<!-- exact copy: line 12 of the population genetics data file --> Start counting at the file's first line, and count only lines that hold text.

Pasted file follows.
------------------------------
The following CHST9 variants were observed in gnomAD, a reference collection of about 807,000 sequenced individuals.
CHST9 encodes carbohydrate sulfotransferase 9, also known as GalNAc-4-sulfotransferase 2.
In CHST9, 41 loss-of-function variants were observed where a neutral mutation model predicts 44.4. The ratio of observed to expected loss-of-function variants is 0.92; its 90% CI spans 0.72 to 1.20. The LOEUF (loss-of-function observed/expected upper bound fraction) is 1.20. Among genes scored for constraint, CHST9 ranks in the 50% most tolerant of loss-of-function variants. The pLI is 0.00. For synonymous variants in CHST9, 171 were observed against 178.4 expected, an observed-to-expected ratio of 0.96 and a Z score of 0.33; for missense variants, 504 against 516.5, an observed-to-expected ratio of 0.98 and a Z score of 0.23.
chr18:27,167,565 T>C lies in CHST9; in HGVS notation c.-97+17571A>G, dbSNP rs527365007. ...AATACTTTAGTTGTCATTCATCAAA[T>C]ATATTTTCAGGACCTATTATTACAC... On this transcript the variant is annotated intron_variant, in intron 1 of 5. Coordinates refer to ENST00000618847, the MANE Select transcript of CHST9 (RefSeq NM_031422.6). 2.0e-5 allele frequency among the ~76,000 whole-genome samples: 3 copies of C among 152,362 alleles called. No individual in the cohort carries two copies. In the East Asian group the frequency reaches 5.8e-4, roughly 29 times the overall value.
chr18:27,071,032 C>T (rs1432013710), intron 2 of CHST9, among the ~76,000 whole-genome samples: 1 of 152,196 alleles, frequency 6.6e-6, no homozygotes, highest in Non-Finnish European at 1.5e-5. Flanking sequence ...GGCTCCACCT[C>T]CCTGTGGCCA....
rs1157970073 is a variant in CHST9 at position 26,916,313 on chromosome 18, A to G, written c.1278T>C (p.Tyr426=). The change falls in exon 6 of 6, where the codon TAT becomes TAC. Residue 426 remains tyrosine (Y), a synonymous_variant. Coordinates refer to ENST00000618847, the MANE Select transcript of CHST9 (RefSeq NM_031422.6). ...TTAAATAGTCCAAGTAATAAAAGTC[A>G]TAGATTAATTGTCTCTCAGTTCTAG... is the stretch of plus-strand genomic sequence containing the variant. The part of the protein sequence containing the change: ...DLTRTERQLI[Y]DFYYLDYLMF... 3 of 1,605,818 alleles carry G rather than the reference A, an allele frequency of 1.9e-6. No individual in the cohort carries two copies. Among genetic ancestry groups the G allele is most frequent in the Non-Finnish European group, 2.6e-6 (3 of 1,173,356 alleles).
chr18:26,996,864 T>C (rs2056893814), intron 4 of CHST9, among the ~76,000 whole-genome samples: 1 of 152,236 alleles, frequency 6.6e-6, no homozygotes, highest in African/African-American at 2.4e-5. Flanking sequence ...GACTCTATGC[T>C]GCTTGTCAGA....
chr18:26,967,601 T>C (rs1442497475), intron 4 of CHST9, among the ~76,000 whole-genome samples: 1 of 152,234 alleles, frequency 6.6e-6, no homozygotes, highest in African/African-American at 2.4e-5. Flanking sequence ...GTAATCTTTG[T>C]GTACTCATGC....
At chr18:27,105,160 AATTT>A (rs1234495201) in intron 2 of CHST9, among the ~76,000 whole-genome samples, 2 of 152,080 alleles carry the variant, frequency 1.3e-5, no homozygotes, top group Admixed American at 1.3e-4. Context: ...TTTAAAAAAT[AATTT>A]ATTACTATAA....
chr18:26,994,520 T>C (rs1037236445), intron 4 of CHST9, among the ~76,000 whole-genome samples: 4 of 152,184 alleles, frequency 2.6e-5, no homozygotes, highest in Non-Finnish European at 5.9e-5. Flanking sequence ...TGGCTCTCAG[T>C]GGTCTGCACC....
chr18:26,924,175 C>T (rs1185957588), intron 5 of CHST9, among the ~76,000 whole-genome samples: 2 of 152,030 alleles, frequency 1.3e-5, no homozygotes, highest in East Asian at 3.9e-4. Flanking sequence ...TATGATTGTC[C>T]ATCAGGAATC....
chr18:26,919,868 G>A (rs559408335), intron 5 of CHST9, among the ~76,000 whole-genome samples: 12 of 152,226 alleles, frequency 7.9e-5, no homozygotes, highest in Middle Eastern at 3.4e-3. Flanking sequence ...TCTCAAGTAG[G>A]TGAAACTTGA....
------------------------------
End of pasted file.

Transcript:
chr18:26,919,868 G>A (rs559408335), intron 5 of CHST9, among the ~76,000 whole-genome samples: 12 of 152,226 alleles, frequency 7.9e-5, no homozygotes, highest in Middle Eastern at 3.4e-3. Flanking sequence ...TCTCAAGTAG[G>A]TGAAACTTGA....